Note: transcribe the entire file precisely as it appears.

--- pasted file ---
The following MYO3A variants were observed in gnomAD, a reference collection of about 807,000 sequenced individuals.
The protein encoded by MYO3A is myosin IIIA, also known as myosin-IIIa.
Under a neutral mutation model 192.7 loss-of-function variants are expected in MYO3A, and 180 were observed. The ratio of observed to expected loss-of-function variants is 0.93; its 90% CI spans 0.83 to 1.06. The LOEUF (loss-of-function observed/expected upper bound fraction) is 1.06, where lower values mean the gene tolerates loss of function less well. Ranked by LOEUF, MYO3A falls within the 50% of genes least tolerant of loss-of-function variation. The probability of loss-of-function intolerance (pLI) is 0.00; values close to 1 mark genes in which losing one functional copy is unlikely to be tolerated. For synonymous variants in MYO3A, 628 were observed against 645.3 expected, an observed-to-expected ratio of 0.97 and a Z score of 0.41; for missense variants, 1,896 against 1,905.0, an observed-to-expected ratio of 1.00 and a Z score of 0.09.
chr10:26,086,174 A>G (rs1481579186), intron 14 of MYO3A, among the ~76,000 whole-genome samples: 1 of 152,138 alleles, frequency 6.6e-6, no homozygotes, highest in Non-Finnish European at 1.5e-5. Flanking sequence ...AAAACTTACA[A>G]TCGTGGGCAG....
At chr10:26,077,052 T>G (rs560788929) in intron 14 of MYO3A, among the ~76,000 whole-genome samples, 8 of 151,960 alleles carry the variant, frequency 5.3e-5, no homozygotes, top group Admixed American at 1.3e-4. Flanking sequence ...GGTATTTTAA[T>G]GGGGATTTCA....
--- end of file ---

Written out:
The following MYO3A variants were observed in gnomAD, a reference collection of about 807,000 sequenced individuals.
The protein encoded by MYO3A is myosin IIIA, also known as myosin-IIIa.
Under a neutral mutation model 192.7 loss-of-function variants are expected in MYO3A, and 180 were observed. The ratio of observed to expected loss-of-function variants is 0.93; its 90% CI spans 0.83 to 1.06. The LOEUF (loss-of-function observed/expected upper bound fraction) is 1.06, where lower values mean the gene tolerates loss of function less well. Ranked by LOEUF, MYO3A falls within the 50% of genes least tolerant of loss-of-function variation. The probability of loss-of-function intolerance (pLI) is 0.00; values close to 1 mark genes in which losing one functional copy is unlikely to be tolerated. For synonymous variants in MYO3A, 628 were observed against 645.3 expected, an observed-to-expected ratio of 0.97 and a Z score of 0.41; for missense variants, 1,896 against 1,905.0, an observed-to-expected ratio of 1.00 and a Z score of 0.09.
chr10:26,086,174 A>G (rs1481579186), intron 14 of MYO3A, among the ~76,000 whole-genome samples: 1 of 152,138 alleles, frequency 6.6e-6, no homozygotes, highest in Non-Finnish European at 1.5e-5. Flanking sequence ...AAAACTTACA[A>G]TCGTGGGCAG....
At chr10:26,077,052 T>G (rs560788929) in intron 14 of MYO3A, among the ~76,000 whole-genome samples, 8 of 151,960 alleles carry the variant, frequency 5.3e-5, no homozygotes, top group Admixed American at 1.3e-4. Flanking sequence ...GGTATTTTAA[T>G]GGGGATTTCA....